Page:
By 2001, Ajai Thomas had changed his name to Mathew Martoma and he was on his way to Stanford Business School. In 2003, he received an MBA and went to work for a Boston hedge fund. In 2006, he joined SAC Capital.
According to the NY Times, in January 2009 Martoma received a $9.4 million dollar bonus for his prior year’s performance in SAC’s healthcare group. During 2008, he’d made trades in Wyeth and Elan stock that netted his employer a lot of money, but also led to his current legal difficulties. Bloomberg reports that SAC fired him in September 2010 because, as one SAC executive allegedly put it, he was a “one-trick pony” whose trades in 2009 and 2010 lost money. A federal jury will decide his fate.
For your consideration
Wholly apart from whether Martoma is guilty of insider trading, his story provides an opportunity to contemplate issues that transcend him personally. For example, when should adult children stop blaming parents for their own misbehavior? Relying on that excuse blocks introspection that leads to personal improvement.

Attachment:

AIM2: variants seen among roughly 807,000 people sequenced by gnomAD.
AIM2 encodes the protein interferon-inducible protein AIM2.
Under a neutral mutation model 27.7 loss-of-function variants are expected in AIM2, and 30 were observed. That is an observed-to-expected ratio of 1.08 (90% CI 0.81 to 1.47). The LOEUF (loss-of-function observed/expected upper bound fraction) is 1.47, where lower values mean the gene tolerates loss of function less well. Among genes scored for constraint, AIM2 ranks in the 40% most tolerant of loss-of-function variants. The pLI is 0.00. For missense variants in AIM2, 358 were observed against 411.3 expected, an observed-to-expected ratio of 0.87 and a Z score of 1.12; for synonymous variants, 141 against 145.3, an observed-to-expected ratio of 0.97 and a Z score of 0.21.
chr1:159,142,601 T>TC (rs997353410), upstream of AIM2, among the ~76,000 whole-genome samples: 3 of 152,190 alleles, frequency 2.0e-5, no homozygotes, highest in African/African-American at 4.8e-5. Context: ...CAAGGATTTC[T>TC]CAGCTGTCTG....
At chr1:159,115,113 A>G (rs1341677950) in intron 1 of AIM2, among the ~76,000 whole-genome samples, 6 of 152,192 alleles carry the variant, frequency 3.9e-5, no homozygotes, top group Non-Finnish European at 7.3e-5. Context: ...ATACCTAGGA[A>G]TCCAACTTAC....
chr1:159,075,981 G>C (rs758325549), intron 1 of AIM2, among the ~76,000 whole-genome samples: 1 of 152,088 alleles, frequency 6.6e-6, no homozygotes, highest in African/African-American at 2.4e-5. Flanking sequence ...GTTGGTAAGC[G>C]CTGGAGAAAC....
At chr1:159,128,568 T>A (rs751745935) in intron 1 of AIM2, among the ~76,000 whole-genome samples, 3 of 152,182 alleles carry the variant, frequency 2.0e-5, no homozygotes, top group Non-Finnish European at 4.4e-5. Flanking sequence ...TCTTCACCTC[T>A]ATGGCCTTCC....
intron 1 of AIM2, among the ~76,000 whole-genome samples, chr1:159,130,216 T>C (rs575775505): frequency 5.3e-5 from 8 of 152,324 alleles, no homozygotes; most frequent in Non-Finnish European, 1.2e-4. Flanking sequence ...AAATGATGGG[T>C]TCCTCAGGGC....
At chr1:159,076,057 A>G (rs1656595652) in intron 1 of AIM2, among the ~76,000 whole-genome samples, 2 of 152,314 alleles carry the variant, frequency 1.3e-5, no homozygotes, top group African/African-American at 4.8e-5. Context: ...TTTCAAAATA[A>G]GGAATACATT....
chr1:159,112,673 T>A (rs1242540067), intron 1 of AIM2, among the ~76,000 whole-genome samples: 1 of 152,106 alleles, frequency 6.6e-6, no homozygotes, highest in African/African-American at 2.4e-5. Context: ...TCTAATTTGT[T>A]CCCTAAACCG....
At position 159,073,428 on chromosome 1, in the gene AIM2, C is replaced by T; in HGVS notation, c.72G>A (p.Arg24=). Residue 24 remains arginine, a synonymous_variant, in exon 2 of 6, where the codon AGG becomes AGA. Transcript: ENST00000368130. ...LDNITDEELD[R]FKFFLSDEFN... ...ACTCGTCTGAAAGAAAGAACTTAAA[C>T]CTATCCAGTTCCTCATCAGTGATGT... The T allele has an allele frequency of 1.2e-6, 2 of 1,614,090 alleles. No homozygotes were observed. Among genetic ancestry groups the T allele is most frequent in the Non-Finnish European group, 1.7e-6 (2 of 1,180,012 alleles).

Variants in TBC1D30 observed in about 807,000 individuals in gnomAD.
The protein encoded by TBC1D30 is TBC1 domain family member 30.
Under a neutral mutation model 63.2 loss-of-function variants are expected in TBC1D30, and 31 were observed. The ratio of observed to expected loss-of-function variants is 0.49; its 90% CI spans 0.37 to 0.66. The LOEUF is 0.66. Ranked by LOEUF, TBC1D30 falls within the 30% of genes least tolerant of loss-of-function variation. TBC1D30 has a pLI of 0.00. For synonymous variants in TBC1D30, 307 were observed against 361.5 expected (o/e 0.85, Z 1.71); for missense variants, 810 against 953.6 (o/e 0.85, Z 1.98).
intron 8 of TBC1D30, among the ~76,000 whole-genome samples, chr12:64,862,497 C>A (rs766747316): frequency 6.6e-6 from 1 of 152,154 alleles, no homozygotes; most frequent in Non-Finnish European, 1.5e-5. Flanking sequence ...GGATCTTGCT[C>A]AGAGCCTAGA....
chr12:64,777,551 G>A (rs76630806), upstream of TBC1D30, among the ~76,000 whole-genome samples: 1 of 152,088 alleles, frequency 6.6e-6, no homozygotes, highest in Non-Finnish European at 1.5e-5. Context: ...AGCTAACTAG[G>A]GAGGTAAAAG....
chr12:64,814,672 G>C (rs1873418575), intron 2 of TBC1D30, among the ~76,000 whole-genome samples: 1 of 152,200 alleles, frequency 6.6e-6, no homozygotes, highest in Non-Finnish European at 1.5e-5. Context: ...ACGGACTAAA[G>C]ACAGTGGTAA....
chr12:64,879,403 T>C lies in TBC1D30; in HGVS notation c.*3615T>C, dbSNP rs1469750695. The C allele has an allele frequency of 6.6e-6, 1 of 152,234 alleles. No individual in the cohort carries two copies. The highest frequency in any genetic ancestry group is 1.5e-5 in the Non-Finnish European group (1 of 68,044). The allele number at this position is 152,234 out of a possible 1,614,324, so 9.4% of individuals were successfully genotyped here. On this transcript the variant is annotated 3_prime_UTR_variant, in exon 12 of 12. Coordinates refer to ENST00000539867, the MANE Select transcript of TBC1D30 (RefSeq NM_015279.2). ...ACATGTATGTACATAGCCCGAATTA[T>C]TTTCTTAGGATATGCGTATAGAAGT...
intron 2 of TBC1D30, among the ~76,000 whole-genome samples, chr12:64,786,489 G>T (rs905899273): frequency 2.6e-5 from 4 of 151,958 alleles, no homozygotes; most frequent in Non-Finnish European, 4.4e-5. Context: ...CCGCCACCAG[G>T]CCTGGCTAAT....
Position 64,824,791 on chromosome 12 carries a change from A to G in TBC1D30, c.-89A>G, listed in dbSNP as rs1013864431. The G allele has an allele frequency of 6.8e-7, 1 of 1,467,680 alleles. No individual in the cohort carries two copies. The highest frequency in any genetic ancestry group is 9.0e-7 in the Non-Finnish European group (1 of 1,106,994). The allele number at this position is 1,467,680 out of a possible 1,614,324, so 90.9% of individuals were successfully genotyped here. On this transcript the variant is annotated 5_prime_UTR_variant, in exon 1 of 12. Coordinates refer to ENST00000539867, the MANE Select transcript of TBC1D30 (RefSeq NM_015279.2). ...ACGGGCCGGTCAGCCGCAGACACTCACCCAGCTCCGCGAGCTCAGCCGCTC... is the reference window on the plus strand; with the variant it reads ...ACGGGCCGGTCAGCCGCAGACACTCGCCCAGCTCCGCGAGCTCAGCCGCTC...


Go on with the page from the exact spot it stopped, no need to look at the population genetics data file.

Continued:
Likewise, did Martoma’s application to Stanford acknowledge his expulsion from Harvard? If so, how could Stanford have admitted him? If not, will Stanford rescind his MBA? The answers could have implications for the integrity of a world-class educational institution.
Finally, what insight into institutional behavior does Martoma’s experience provide? Harvard Law School gave him due process in a lengthy administrative hearing, deliberated carefully, and expelled him. The need to preserve the institution’s long-term values guided its conduct.
In contrast, SAC Capital apparently focused on short time horizons. A good year got Martoma big bucks; a bad year thereafter got him fired.
When it comes to their temporal mindsets, most big law firms today look more like SAC Capital than Harvard Law School. Following the business world’s approach — maximizing short-term results — has produced stunning equity partner profits. But sometimes, current profits have come at the expense of long-term values that don’t lend themselves to a simple metric. Those values include collegiality, loyalty, mentoring, institutional stability, and even client value.